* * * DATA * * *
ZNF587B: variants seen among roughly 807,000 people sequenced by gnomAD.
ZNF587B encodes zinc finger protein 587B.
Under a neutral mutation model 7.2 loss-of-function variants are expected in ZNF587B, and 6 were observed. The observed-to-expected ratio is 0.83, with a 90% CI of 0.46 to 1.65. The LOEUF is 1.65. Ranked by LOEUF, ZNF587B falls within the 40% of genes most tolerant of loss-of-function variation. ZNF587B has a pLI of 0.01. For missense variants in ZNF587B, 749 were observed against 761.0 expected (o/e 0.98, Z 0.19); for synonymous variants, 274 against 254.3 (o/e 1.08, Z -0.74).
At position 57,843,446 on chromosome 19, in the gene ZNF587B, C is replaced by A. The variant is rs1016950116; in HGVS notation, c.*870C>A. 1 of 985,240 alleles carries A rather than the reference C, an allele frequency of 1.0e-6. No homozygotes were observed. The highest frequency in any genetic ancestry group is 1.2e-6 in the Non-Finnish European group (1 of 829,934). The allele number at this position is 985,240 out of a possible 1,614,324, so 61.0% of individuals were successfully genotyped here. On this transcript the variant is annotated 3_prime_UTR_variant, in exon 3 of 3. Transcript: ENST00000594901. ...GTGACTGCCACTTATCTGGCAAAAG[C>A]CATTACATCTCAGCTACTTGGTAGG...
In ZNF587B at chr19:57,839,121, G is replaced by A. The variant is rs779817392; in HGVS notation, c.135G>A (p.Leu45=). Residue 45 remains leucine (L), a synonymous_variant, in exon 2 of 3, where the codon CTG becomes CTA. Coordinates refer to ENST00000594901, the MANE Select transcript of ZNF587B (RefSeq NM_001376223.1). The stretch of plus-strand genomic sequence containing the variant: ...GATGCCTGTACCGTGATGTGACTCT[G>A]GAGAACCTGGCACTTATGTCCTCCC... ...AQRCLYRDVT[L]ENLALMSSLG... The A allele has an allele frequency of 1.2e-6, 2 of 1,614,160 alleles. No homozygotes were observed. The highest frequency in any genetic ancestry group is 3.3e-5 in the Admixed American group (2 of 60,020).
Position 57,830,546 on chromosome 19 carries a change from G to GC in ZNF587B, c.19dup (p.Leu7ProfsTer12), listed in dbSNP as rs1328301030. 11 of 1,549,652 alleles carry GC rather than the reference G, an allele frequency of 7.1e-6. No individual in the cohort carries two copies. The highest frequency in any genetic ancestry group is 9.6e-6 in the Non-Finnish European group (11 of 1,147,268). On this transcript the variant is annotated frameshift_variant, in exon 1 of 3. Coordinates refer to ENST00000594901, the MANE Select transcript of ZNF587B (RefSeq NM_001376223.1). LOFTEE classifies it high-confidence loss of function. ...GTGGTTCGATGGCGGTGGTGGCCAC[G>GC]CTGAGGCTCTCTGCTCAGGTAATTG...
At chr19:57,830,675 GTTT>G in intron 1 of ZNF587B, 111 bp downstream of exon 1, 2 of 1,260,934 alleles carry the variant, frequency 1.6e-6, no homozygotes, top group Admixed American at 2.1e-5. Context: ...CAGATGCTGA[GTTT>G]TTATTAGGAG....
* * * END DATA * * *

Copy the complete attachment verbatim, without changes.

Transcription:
ZNF587B: variants seen among roughly 807,000 people sequenced by gnomAD.
ZNF587B encodes zinc finger protein 587B.
Under a neutral mutation model 7.2 loss-of-function variants are expected in ZNF587B, and 6 were observed. The observed-to-expected ratio is 0.83, with a 90% CI of 0.46 to 1.65. The LOEUF is 1.65. Ranked by LOEUF, ZNF587B falls within the 40% of genes most tolerant of loss-of-function variation. ZNF587B has a pLI of 0.01. For missense variants in ZNF587B, 749 were observed against 761.0 expected (o/e 0.98, Z 0.19); for synonymous variants, 274 against 254.3 (o/e 1.08, Z -0.74).
At position 57,843,446 on chromosome 19, in the gene ZNF587B, C is replaced by A. The variant is rs1016950116; in HGVS notation, c.*870C>A. 1 of 985,240 alleles carries A rather than the reference C, an allele frequency of 1.0e-6. No homozygotes were observed. The highest frequency in any genetic ancestry group is 1.2e-6 in the Non-Finnish European group (1 of 829,934). The allele number at this position is 985,240 out of a possible 1,614,324, so 61.0% of individuals were successfully genotyped here. On this transcript the variant is annotated 3_prime_UTR_variant, in exon 3 of 3. Transcript: ENST00000594901. ...GTGACTGCCACTTATCTGGCAAAAG[C>A]CATTACATCTCAGCTACTTGGTAGG...
In ZNF587B at chr19:57,839,121, G is replaced by A. The variant is rs779817392; in HGVS notation, c.135G>A (p.Leu45=). Residue 45 remains leucine (L), a synonymous_variant, in exon 2 of 3, where the codon CTG becomes CTA. Coordinates refer to ENST00000594901, the MANE Select transcript of ZNF587B (RefSeq NM_001376223.1). The stretch of plus-strand genomic sequence containing the variant: ...GATGCCTGTACCGTGATGTGACTCT[G>A]GAGAACCTGGCACTTATGTCCTCCC... ...AQRCLYRDVT[L]ENLALMSSLG... The A allele has an allele frequency of 1.2e-6, 2 of 1,614,160 alleles. No homozygotes were observed. The highest frequency in any genetic ancestry group is 3.3e-5 in the Admixed American group (2 of 60,020).
Position 57,830,546 on chromosome 19 carries a change from G to GC in ZNF587B, c.19dup (p.Leu7ProfsTer12), listed in dbSNP as rs1328301030. 11 of 1,549,652 alleles carry GC rather than the reference G, an allele frequency of 7.1e-6. No individual in the cohort carries two copies. The highest frequency in any genetic ancestry group is 9.6e-6 in the Non-Finnish European group (11 of 1,147,268). On this transcript the variant is annotated frameshift_variant, in exon 1 of 3. Coordinates refer to ENST00000594901, the MANE Select transcript of ZNF587B (RefSeq NM_001376223.1). LOFTEE classifies it high-confidence loss of function. ...GTGGTTCGATGGCGGTGGTGGCCAC[G>GC]CTGAGGCTCTCTGCTCAGGTAATTG...
At chr19:57,830,675 GTTT>G in intron 1 of ZNF587B, 111 bp downstream of exon 1, 2 of 1,260,934 alleles carry the variant, frequency 1.6e-6, no homozygotes, top group Admixed American at 2.1e-5. Context: ...CAGATGCTGA[GTTT>G]TTATTAGGAG....